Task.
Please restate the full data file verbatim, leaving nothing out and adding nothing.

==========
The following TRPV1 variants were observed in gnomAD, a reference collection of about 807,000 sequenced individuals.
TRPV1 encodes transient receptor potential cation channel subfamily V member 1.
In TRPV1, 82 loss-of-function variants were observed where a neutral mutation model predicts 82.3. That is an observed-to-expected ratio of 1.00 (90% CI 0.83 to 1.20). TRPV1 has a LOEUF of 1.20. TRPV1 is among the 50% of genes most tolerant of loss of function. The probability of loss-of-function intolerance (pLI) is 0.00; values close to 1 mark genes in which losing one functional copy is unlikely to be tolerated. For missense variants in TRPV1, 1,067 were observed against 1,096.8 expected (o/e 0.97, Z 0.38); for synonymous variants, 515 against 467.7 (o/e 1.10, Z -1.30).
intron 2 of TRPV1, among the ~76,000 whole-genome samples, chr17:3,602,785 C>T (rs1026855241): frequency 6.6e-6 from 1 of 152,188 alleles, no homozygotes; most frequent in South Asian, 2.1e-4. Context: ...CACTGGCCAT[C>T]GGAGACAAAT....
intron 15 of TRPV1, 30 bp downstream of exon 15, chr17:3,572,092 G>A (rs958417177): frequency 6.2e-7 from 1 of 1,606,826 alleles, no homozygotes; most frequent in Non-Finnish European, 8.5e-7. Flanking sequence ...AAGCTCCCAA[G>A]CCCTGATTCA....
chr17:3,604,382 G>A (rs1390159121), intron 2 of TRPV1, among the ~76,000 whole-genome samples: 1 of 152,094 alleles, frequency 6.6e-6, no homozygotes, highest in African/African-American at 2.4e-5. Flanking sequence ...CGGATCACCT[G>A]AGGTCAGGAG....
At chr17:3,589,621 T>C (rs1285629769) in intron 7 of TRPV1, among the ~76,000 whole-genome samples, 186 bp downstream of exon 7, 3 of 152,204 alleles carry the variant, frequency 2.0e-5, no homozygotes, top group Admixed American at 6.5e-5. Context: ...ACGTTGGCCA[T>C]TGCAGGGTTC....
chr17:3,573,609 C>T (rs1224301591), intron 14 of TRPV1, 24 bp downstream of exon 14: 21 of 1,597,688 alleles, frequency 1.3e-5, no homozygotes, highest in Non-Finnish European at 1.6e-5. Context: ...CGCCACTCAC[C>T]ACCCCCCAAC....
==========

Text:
The following TRPV1 variants were observed in gnomAD, a reference collection of about 807,000 sequenced individuals.
TRPV1 encodes transient receptor potential cation channel subfamily V member 1.
In TRPV1, 82 loss-of-function variants were observed where a neutral mutation model predicts 82.3. That is an observed-to-expected ratio of 1.00 (90% CI 0.83 to 1.20). TRPV1 has a LOEUF of 1.20. TRPV1 is among the 50% of genes most tolerant of loss of function. The probability of loss-of-function intolerance (pLI) is 0.00; values close to 1 mark genes in which losing one functional copy is unlikely to be tolerated. For missense variants in TRPV1, 1,067 were observed against 1,096.8 expected (o/e 0.97, Z 0.38); for synonymous variants, 515 against 467.7 (o/e 1.10, Z -1.30).
intron 2 of TRPV1, among the ~76,000 whole-genome samples, chr17:3,602,785 C>T (rs1026855241): frequency 6.6e-6 from 1 of 152,188 alleles, no homozygotes; most frequent in South Asian, 2.1e-4. Context: ...CACTGGCCAT[C>T]GGAGACAAAT....
intron 15 of TRPV1, 30 bp downstream of exon 15, chr17:3,572,092 G>A (rs958417177): frequency 6.2e-7 from 1 of 1,606,826 alleles, no homozygotes; most frequent in Non-Finnish European, 8.5e-7. Flanking sequence ...AAGCTCCCAA[G>A]CCCTGATTCA....
chr17:3,604,382 G>A (rs1390159121), intron 2 of TRPV1, among the ~76,000 whole-genome samples: 1 of 152,094 alleles, frequency 6.6e-6, no homozygotes, highest in African/African-American at 2.4e-5. Flanking sequence ...CGGATCACCT[G>A]AGGTCAGGAG....
At chr17:3,589,621 T>C (rs1285629769) in intron 7 of TRPV1, among the ~76,000 whole-genome samples, 186 bp downstream of exon 7, 3 of 152,204 alleles carry the variant, frequency 2.0e-5, no homozygotes, top group Admixed American at 6.5e-5. Context: ...ACGTTGGCCA[T>C]TGCAGGGTTC....
chr17:3,573,609 C>T (rs1224301591), intron 14 of TRPV1, 24 bp downstream of exon 14: 21 of 1,597,688 alleles, frequency 1.3e-5, no homozygotes, highest in Non-Finnish European at 1.6e-5. Context: ...CGCCACTCAC[C>T]ACCCCCCAAC....